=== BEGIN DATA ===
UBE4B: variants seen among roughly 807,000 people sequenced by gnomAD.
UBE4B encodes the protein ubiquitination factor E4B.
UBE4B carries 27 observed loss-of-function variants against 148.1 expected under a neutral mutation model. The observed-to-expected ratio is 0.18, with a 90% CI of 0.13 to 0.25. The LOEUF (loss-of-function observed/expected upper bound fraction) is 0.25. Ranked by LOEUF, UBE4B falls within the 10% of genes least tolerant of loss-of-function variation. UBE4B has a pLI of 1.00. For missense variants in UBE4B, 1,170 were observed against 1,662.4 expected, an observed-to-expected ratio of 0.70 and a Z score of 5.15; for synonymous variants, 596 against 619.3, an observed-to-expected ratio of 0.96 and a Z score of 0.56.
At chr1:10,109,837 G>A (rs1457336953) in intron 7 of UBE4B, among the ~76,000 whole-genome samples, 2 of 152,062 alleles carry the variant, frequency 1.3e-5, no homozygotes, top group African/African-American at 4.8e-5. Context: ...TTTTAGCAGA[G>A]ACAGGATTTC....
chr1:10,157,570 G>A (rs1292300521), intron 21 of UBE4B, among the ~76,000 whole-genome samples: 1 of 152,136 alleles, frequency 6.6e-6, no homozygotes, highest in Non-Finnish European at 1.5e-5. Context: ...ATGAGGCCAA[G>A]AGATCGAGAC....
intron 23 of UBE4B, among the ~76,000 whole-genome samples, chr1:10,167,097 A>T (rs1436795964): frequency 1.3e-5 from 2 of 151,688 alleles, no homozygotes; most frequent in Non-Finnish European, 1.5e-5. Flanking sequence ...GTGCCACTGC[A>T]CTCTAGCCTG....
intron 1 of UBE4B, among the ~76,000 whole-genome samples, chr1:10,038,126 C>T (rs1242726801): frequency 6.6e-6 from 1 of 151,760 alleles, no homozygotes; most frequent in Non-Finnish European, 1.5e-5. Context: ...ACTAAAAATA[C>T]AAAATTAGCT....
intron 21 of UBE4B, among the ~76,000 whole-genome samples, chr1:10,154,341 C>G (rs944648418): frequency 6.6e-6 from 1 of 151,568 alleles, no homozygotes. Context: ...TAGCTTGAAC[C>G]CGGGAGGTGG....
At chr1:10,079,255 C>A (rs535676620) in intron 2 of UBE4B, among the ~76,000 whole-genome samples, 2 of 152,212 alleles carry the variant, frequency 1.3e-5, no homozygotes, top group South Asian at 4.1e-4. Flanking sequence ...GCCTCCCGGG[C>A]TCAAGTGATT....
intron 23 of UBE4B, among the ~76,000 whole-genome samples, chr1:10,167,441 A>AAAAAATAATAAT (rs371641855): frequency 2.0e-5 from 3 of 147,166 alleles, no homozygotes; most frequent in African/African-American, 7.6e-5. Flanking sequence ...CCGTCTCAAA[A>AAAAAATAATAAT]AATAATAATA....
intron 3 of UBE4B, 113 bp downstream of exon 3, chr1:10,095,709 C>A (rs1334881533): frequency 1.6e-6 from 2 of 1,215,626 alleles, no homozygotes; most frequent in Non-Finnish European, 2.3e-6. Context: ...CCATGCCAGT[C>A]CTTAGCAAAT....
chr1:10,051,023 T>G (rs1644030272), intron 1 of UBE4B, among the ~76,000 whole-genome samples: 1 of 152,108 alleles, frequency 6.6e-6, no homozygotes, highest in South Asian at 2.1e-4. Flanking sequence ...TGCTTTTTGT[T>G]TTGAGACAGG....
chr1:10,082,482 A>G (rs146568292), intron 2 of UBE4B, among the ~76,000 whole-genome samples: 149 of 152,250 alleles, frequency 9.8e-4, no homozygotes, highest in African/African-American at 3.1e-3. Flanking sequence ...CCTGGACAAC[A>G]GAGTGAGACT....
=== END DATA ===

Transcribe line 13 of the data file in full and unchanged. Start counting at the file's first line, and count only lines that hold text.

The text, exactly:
chr1:10,082,482 A>G (rs146568292), intron 2 of UBE4B, among the ~76,000 whole-genome samples: 149 of 152,250 alleles, frequency 9.8e-4, no homozygotes, highest in African/African-American at 3.1e-3. Flanking sequence ...CCTGGACAAC[A>G]GAGTGAGACT....